Factual Report: Cessna 441 Pilot Concerned About Weather

Aviation International News » May 2005
November 2, 2006, 7:28 AM

Cessna 441, Vestavia Hills, Ala., Dec. 10, 2003–After taking off from Birmingham, Warrington Development’s Cessna 441 descended in a spin and crashed in a creek ravine. The ATP pilot and his passenger were killed, and the airplane was destroyed.

The pilot was reported to be concerned about the weather, “staying on the computers all morning,” checking the weather, according to a witness. The pilot also queried arriving pilots about the weather they encountered. He obtained a weather briefing for a flight to Venice, Fla., and filed an IFR plan.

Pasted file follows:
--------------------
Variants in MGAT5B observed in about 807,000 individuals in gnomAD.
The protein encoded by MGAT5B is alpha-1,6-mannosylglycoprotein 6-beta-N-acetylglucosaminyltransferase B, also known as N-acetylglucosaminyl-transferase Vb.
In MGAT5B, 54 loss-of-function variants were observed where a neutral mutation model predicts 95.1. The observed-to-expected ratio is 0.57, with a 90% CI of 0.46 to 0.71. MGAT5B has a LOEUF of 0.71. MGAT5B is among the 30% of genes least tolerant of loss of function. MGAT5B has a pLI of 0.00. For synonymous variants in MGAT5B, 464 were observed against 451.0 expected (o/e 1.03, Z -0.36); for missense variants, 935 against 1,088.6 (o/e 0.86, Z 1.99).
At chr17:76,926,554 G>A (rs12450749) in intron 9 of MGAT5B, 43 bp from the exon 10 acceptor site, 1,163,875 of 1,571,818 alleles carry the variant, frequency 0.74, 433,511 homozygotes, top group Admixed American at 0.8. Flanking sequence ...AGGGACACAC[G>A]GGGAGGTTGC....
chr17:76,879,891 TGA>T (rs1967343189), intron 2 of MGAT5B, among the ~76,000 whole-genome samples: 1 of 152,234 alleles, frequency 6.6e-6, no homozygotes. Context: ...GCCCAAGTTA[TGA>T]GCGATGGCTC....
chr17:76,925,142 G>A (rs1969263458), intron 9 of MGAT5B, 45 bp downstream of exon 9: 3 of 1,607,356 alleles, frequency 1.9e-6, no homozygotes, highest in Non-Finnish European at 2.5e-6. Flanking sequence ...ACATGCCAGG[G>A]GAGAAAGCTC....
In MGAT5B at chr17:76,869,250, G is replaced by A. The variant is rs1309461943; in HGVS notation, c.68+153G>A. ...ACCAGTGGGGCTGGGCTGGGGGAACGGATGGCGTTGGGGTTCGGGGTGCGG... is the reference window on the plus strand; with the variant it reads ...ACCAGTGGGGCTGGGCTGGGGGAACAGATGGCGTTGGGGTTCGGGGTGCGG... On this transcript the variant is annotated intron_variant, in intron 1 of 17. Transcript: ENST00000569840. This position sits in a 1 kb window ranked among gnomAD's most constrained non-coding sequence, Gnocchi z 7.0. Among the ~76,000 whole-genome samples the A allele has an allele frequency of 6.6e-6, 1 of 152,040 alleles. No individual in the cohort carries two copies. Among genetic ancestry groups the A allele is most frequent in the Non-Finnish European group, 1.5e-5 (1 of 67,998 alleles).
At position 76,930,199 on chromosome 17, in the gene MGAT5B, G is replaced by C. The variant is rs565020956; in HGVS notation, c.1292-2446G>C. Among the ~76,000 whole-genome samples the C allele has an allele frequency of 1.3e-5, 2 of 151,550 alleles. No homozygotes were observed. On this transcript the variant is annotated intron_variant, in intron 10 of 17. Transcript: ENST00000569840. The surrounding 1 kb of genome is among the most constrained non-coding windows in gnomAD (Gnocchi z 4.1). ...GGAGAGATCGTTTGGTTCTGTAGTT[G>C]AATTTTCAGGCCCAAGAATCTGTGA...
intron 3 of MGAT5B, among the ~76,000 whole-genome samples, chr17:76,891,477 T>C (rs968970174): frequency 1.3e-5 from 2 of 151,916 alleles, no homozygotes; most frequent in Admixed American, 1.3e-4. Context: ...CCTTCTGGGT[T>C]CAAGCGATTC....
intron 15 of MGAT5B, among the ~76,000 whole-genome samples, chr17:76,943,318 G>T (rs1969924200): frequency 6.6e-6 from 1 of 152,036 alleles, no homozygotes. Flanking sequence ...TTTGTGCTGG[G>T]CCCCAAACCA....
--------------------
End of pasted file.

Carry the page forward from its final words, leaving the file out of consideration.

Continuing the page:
Cleared to climb to 10,000 feet, the flight began to lose altitude at 6,300 feet and to deviate off course. The pilot called, “Mayday, mayday mayday, Four One Whiskey, I’m coming out of the sky.” He then said, “(unintelligible) severe buf (unintelligible),” and “We’re in a spin.”

Several witnesses saw the airplane descend from the clouds in a nose-down spiral.

An airmet warned of occasional moderate rime and/or mixed icing in clouds and precipitation below 8,000 feet.

The accident pilot had 4,350 flight hours, with 424 total hours in the 441 but no pilot-in-command time in the preceding 12 months. Diphenhydramine and pseudoephedrine were found in his body.

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